The council further finds that a lessee purchasing a residential leasehold unit knew or should have known about the negative aspects of the lease prior to the purchase. Since 1990, such a lessee should have received a copy of the underlying lease. Since 1991, the lessee should have received a simplified disclosure of the salient terms of the lease agreement, including but not limited to, the remaining term of the lease, the rent renegotiation dates, the potential for significant increases in renegotiated rents, and the surrender clause.
In addition, it is a fundamental principle that the power to enact necessarily implies the power to repeal and one legislature cannot be limited or bound by the actions of a previous one. Thus, the council has the right to make an independent decision whether to repeal the law entirely.
Finally, "there is no vested right in a public law which is not in the nature of a private grant, and however beneficial a statute may be to a particular person or however injuriously the repeal may affect him, the legislature has the right to abrogate it. . . . No person has a vested interest in any law or legislative policy which entitles him to have it remain unaltered for his benefit." In re Application of Herrick, 93 Haw. 329, 338 (1996).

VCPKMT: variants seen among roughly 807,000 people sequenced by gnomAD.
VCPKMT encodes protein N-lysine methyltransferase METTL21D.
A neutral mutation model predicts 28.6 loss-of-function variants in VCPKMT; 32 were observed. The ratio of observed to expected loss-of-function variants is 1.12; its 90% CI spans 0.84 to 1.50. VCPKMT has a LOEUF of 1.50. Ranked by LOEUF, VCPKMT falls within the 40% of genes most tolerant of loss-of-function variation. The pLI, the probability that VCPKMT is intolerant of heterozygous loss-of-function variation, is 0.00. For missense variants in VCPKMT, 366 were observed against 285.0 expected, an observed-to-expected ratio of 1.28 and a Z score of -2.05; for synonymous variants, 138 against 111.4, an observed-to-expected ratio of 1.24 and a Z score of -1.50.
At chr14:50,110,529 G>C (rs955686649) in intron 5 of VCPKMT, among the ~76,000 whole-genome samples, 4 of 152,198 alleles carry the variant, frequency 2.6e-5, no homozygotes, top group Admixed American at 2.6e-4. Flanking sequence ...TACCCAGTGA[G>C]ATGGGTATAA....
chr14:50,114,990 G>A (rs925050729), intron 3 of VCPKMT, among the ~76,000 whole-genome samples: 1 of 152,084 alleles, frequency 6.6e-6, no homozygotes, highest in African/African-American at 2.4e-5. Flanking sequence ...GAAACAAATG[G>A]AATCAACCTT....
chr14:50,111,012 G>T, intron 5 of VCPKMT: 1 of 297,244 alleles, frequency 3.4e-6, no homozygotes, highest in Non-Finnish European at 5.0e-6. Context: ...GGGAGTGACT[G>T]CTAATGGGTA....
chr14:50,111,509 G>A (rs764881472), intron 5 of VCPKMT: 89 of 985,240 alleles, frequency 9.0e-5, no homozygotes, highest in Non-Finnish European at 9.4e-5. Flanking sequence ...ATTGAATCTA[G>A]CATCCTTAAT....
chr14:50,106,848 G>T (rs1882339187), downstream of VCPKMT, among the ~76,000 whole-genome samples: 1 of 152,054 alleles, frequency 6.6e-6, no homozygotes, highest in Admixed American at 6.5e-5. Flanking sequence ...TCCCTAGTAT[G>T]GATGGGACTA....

Based on the forgoing findings, the council believes and concludes that Chapter 38 no longer serves a public purpose and should be repealed.

(Def. Memo. in Opp'n, Ex. C.)

Bill 53 provided a savings clause, however, for those lessee applicants who were already involved in the condemnation process under Chapter 38 when Bill 53 became law. The clause provides:

Section 3. (a) This ordinance shall not affect any eminent domain proceeding for the acquisition of units validly designated in projects, the condemnation of which units was approved by the council by resolution before the effective date of this ordinance. Such an eminent domain proceeding may be instituted or, if already instituted, continued after the effective date of this ordinance in accordance with Chapter 38, ROH, as existing on the day before the effective date of this ordinance.